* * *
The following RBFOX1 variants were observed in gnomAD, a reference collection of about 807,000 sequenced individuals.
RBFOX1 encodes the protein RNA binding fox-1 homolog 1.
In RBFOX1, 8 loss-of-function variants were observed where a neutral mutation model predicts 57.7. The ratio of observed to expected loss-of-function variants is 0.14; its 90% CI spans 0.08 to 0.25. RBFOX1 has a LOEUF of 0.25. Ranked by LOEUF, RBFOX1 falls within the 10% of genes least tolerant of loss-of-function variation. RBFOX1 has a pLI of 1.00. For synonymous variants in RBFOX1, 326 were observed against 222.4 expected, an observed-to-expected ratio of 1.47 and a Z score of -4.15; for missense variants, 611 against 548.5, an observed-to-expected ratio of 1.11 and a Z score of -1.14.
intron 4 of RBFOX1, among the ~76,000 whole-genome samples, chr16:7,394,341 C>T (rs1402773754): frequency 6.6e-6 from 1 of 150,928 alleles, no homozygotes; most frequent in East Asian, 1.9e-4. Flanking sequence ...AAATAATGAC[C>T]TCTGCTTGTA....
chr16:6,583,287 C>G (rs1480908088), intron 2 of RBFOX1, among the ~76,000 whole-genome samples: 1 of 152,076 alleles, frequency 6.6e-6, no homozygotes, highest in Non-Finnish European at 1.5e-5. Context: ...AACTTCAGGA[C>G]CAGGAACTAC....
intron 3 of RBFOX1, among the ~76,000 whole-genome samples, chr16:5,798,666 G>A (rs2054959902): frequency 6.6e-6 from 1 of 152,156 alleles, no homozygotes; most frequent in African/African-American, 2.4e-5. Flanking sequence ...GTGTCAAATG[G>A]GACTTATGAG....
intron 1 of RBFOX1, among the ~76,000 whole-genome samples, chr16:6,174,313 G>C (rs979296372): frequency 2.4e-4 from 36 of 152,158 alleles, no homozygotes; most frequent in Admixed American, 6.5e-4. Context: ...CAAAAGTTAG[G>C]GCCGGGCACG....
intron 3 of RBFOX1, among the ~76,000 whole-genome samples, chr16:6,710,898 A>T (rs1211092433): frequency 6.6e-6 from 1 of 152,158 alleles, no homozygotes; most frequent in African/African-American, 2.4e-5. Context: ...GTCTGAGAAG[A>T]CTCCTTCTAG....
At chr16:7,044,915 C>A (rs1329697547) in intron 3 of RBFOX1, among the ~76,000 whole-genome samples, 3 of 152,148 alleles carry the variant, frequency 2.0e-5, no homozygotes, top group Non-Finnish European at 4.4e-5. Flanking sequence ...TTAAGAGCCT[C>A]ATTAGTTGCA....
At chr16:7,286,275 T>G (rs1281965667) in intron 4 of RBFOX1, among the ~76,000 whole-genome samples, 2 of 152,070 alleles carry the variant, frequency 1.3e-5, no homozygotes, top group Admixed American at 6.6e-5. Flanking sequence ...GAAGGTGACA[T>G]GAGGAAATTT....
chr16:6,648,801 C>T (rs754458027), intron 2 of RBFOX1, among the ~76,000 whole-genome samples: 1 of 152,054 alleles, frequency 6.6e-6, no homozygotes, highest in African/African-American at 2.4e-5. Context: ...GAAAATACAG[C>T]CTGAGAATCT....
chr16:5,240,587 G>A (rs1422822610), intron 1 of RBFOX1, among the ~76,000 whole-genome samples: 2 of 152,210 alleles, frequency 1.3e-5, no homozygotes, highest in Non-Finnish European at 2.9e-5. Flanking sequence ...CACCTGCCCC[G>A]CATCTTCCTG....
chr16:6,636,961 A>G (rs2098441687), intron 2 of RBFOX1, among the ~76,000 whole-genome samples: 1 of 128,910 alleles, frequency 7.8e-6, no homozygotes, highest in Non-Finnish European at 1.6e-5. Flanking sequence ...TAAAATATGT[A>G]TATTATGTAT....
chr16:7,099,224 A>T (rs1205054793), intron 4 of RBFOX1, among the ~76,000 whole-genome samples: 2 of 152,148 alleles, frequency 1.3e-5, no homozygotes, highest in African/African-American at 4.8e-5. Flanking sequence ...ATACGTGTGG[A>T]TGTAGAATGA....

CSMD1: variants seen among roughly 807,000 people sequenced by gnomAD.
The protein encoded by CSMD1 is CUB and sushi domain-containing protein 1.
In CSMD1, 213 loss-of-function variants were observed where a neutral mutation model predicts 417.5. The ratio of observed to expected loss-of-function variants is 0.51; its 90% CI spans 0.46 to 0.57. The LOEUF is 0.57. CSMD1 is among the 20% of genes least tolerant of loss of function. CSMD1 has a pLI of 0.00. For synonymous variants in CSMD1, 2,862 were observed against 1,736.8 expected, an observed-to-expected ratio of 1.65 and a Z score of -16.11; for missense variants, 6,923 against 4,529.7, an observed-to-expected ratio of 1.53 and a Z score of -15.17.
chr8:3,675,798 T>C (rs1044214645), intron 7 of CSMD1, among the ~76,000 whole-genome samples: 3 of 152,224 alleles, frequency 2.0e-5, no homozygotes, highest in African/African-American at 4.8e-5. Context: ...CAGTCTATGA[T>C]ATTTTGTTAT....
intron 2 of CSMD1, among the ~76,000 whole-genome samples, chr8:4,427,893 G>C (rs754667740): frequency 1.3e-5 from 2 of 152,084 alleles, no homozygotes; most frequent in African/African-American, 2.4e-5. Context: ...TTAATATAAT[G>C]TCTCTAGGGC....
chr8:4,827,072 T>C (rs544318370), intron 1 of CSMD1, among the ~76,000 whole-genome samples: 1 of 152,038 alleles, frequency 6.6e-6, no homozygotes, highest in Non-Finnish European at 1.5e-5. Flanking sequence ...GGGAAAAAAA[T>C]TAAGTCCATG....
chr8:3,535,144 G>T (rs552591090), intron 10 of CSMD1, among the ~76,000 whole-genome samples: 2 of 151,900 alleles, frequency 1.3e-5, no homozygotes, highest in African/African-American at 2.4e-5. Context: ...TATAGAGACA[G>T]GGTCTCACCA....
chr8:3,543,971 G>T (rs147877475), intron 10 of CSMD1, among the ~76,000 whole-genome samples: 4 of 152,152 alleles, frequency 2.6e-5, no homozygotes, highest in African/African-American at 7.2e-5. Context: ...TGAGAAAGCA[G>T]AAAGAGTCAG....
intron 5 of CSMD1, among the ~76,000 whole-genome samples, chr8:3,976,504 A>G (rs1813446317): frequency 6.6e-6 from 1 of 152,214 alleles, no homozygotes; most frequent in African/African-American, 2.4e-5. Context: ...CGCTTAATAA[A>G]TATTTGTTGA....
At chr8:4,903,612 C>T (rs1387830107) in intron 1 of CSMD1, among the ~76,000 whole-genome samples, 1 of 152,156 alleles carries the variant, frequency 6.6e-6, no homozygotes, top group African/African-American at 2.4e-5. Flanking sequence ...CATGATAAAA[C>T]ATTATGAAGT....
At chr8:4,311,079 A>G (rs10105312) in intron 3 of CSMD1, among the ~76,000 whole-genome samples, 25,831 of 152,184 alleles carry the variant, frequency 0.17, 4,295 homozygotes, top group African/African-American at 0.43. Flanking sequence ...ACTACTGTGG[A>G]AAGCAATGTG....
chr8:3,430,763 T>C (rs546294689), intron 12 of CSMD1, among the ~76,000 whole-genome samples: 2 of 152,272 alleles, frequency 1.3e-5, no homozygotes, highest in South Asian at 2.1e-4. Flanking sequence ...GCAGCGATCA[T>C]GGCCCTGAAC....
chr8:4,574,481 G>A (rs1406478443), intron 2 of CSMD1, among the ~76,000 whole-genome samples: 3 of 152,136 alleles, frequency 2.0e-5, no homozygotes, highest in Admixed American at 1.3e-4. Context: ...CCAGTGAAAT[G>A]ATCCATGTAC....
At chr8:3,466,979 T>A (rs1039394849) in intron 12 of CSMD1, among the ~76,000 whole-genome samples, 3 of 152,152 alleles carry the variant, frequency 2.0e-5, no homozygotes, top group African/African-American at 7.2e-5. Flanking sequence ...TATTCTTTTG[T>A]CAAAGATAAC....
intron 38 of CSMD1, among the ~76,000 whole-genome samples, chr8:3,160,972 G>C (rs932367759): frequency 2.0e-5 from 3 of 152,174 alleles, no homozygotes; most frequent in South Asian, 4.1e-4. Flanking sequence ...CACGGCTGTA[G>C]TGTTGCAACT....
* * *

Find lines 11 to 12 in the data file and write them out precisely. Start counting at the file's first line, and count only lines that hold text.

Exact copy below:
chr16:6,648,801 C>T (rs754458027), intron 2 of RBFOX1, among the ~76,000 whole-genome samples: 1 of 152,054 alleles, frequency 6.6e-6, no homozygotes, highest in African/African-American at 2.4e-5. Context: ...GAAAATACAG[C>T]CTGAGAATCT....
chr16:5,240,587 G>A (rs1422822610), intron 1 of RBFOX1, among the ~76,000 whole-genome samples: 2 of 152,210 alleles, frequency 1.3e-5, no homozygotes, highest in Non-Finnish European at 2.9e-5. Flanking sequence ...CACCTGCCCC[G>A]CATCTTCCTG....